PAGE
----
Since my kids are into musical theater and since the 70's are "back," I figured my kids would enjoy this. Filmed on location in Israel, it is filled with intentional anachronisms--the disciples wear polyester leisure suits and sport afros, the Roman soldiers carry Uzzis and wear hard hats--and everybody sings with great intensity. The kids loved it.

The boys loved this based-on-a-true-story about World War 1 combat pilots. It's not my favorite genre, but it was enjoyable for what it was. Not quite squeaky clean.

The Illusionist
I LOVED this movie. It's a puzzle, a dramatic illusion. Don't miss it.

Seussical the Musical
Our library managed to obtain a community theater production's performance on video so we could view it before our kids auditioned for this wonderful musical, which you should enjoy live if at all possible.

Gone With the Wind
Our study of American history would not have been complete without this screen classic. The kids were riveted.

Eh--not so riveting, they said. And then the hero dies at the end? Why did you make us watch that, Mom?
(I didn't preview this Civil War movie.)

This Tim Allen comedy about space school was really stupid, I thought. Sky High (last year's review here) was muuuuch better.

A military movie my oldest son brought home from the library. Too much language and violence (boxing and boot camp intensity) for me to recommend it.

The Pursuit of Happyness
Ah--but I can recommend this excellent, based-on-a-true story, inspirational drama. Will Smith is just great and so is his son. We all loved it.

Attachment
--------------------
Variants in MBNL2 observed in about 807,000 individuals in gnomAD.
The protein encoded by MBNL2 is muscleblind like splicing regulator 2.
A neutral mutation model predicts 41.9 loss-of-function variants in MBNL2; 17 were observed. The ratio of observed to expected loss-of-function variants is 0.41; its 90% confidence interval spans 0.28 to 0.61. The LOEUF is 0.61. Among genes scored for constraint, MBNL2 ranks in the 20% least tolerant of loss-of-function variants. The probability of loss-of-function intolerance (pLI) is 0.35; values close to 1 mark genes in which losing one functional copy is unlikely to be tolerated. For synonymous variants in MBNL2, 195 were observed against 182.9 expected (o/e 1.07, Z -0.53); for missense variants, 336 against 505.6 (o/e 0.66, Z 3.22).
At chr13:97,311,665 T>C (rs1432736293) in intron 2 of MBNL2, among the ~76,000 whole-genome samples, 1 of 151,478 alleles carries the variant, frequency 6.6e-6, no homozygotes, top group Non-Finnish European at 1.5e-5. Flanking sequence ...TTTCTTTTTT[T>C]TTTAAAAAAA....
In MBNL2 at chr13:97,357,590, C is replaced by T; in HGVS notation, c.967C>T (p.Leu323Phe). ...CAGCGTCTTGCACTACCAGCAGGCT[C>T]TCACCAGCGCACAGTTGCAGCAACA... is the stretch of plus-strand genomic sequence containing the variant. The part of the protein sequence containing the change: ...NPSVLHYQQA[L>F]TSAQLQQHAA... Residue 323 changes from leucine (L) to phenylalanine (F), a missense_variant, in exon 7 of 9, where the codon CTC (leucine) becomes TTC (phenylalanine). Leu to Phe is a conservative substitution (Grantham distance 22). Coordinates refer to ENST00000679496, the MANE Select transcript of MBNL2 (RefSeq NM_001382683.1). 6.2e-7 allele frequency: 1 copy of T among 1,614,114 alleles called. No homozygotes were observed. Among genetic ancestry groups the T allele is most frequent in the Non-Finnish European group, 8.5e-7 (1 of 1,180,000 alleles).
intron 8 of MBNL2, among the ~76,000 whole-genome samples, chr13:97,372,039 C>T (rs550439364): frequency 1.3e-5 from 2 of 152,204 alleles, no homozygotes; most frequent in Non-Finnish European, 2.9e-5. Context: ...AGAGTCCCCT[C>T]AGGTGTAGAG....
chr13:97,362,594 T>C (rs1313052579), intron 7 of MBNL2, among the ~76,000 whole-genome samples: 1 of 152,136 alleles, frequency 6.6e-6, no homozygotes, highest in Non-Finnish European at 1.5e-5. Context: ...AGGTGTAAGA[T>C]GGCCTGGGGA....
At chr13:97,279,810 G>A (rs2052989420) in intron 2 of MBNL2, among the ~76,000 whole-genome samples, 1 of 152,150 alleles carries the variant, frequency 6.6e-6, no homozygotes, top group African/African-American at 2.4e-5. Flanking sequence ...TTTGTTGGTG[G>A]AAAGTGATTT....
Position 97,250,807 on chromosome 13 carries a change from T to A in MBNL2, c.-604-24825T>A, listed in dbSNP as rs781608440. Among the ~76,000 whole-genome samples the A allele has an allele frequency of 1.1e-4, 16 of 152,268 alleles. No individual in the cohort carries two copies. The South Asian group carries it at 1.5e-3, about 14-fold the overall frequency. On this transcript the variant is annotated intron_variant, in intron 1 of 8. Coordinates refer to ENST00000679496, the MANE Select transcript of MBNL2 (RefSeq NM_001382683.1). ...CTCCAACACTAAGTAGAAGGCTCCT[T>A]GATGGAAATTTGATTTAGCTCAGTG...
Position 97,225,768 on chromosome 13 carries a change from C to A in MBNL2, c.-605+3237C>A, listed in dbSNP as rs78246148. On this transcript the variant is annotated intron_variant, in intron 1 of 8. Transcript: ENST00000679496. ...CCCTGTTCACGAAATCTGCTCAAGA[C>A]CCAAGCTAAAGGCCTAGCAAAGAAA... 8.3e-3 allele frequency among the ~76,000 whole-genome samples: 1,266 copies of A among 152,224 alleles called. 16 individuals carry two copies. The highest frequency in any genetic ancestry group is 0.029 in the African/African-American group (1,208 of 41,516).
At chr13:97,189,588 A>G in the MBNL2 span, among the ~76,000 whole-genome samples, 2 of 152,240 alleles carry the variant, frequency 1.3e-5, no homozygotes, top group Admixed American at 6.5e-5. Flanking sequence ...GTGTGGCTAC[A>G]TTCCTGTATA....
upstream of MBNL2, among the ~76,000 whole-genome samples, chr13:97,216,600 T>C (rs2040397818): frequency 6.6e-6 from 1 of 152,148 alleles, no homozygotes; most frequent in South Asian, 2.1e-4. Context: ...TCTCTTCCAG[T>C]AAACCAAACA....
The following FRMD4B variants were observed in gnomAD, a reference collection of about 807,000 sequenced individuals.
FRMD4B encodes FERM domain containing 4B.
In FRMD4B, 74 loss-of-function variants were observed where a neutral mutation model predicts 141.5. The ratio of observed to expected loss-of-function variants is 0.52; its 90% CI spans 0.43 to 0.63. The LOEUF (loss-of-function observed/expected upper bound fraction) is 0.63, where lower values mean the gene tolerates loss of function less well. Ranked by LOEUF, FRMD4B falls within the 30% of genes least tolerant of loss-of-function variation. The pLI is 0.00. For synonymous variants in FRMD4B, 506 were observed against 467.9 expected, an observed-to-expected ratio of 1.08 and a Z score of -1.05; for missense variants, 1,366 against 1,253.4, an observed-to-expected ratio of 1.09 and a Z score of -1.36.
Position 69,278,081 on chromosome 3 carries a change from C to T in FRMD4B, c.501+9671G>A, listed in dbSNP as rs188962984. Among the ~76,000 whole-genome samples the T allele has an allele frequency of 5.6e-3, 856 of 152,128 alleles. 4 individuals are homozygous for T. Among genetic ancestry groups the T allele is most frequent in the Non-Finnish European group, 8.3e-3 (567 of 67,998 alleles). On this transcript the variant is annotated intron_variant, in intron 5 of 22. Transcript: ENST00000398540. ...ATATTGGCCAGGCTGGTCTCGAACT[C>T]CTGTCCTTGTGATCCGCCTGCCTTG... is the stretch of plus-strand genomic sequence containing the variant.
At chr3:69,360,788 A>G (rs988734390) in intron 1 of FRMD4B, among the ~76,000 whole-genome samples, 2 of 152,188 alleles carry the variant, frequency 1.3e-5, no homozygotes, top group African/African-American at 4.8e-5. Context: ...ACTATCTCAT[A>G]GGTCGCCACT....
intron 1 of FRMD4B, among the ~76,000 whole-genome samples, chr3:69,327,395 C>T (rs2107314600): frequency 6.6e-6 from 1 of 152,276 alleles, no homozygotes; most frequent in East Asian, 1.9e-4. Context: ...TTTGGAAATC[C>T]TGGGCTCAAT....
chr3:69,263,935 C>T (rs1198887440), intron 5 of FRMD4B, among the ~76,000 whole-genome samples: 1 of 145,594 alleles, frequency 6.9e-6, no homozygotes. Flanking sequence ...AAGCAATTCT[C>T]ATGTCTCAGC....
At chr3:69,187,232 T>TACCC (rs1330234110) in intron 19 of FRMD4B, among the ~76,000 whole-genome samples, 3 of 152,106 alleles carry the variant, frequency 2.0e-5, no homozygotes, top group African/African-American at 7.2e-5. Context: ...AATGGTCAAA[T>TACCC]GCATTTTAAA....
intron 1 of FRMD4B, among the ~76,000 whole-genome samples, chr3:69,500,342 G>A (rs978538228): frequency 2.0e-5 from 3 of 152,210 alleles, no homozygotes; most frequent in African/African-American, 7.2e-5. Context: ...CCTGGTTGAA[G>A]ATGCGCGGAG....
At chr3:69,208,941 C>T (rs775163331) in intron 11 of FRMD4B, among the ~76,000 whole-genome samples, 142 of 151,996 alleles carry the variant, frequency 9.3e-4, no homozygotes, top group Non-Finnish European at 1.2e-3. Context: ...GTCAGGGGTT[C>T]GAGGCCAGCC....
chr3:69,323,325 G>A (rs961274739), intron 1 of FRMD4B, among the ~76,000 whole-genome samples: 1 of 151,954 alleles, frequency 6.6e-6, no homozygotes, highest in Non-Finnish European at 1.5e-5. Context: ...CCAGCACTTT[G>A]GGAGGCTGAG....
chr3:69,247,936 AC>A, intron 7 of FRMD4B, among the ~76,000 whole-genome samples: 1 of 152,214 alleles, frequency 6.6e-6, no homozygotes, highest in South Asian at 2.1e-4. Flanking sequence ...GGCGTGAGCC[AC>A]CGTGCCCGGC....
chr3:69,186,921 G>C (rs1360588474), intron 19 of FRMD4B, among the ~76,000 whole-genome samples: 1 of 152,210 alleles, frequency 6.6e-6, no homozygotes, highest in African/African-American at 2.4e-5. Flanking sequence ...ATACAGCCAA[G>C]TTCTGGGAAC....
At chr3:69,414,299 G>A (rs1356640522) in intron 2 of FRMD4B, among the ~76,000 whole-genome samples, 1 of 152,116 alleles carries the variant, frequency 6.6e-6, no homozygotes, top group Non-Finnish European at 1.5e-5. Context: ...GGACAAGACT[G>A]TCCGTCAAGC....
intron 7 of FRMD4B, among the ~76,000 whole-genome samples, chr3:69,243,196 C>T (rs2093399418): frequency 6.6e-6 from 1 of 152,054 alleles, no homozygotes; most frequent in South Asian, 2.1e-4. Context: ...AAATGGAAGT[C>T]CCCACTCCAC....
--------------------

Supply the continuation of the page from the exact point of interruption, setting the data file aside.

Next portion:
Charlotte's Web
Although this fresh retelling of the children's classic was delightful, Papa Rooster and I really missed the musical dimension of the old animated musical by the same title, which we also watched as preparation for auditions. The younger set loved them both.

Papa Rooster, Blondechick 15, Bantam12 and I loved the incredible singing in this musical loosely based on the story of Diana Ross and the Supremes. Not squeaky clean but still recommendable.

Deja Vu
An action/adventure movie with Denzel Washington. Kind of intriguing but kind of boring at points, I thought.

Rear Window
It was time to introduce our kids to Alfred Hitchcock. They loved this.

Marie Antoinette
Blondechick15 and I watched this one alone together as a follow-up to a research paper she wrote on this historical figure. I feared a heavy period movie filled with gratuitous ravishing of females, but this was a light and fresh approach with little objectionable content. It sympathetically portrayed Marie as a young adult surrounded by other clueless young adults, trying to escape the pressures of court life, her foreigner status, and her fishbowl marriage. Highlighting the timeless and universal quality to their youth was an intriguing approach. Kirsten Dunst was perfect in the title role, and the costuming and cinematography were impressive. (Very brief female nudity.)

Come back tomorrow for Part Two!


Kerry said...

Loved your movie selections - gave me some ideas for rentals.

I just have to highly second "Fearless". What a great movie. Wow. We let our boys watch *parts* of it with us. They are 11 and 8. Some of the fight scenes might be upsetting to some kids, but the martial artistry is fantastic (even with the typical martial arts movie "enhancements")! And the story's moral is profound.

Also, we loved "Pursuit of Happyness". What a dear movie!

Looking forward to part 2!

martha said...

Why certainly yes from me! martha

Jennifer, Snapshot said...

Loved this--and part two.

I can recommend August Rush to you--and the kiddos (at least the 2 oldest and probably 3). I saw it in the theater, but it should be on DVD in the next few months.

I am compelled by your Sweeney Todd review. Violence doesn't bother me (by that I mean stick with me and mess with my head) as much as some other gratuitous stuff, but I'll have to think about it.